A challenge of historic proportions.
In January 2014, Colorado became the first state in the country to legalize the sale of recreational marijuana. Before the month was over, there were dispensaries on almost every street. Even more than Starbucks.
With the media frenzy that followed, youth perception of the risks involved with marijuana began to plummet. And when the perception of risk goes down, use goes up.
The trouble is, there’s a growing body of research that shows marijuana causes permanent damage to a kid’s developing brain. However, a lot of people dispute these studies. So we figured the best way to get through to kids was to admit the issue is still being debated and to let them know they were going to be a part of the on-going debate and research.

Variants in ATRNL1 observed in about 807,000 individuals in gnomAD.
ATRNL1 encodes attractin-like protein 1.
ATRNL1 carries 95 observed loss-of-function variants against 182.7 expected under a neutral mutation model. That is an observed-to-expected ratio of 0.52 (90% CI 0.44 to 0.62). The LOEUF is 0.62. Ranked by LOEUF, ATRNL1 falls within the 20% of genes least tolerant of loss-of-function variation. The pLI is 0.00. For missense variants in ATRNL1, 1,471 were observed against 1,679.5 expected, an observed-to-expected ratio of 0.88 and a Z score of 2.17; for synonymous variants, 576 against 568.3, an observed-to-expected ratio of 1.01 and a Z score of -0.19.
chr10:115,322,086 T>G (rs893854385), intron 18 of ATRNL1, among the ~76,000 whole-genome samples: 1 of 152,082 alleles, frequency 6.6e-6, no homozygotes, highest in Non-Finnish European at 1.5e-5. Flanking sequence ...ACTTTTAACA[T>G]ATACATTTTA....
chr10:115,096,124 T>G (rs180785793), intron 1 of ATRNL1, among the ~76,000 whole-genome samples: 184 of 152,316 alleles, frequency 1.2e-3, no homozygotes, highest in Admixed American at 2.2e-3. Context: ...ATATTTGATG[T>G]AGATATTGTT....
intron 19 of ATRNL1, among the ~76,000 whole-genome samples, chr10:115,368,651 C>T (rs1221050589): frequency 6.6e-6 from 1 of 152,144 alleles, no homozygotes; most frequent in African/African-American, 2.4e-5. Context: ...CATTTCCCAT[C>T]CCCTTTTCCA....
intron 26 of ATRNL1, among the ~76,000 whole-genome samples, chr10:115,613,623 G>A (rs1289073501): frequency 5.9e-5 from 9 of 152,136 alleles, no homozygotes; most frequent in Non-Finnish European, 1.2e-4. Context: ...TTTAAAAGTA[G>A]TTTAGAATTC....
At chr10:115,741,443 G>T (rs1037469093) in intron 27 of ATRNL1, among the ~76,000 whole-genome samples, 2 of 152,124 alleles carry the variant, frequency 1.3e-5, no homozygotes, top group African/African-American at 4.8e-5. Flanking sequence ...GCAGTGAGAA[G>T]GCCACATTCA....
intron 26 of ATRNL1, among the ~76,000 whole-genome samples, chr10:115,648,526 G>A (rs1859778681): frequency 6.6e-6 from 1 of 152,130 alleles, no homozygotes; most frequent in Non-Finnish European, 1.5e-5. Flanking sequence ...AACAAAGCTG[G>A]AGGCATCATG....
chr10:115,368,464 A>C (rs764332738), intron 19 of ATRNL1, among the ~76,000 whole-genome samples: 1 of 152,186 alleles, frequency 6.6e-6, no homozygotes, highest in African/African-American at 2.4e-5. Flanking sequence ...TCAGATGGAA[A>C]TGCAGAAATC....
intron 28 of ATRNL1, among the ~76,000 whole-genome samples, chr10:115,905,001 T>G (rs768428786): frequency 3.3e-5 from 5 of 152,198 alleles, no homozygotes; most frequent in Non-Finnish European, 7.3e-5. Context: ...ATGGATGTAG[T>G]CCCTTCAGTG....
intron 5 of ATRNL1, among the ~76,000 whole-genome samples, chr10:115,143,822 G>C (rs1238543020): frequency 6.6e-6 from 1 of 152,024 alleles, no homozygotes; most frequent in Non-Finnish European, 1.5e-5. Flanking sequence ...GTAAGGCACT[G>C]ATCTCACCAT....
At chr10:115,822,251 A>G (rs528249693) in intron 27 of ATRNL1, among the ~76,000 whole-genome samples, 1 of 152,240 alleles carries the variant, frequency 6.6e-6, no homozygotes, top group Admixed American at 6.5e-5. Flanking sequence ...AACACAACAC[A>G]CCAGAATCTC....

In effect, they were going to be lab rats.
The message was delivered on giant lab rat cages placed around the city. We also used digital, movie theater advertising and broadcast to reach the youth audience.
“Weed’s got to be safe, otherwise they wouldn’t have legalized it.”
We heard that a lot from Colorado teens during our statewide ethnographic study.
Within hours of the campaign launch, it became big news that spread across the entire country.
It was covered by The New York Times, Washington Post, CBS This Morning, ABC and hundreds of other news outlets.
But the most important thing was that kids got the message loud and clear. A third-party tracking study revealed that kids found all of the campaign messages believable and important. Their perception of risk increased and their intention to use marijuana decreased.
A pretty amazing feat considering the campaign was only in market for three weeks.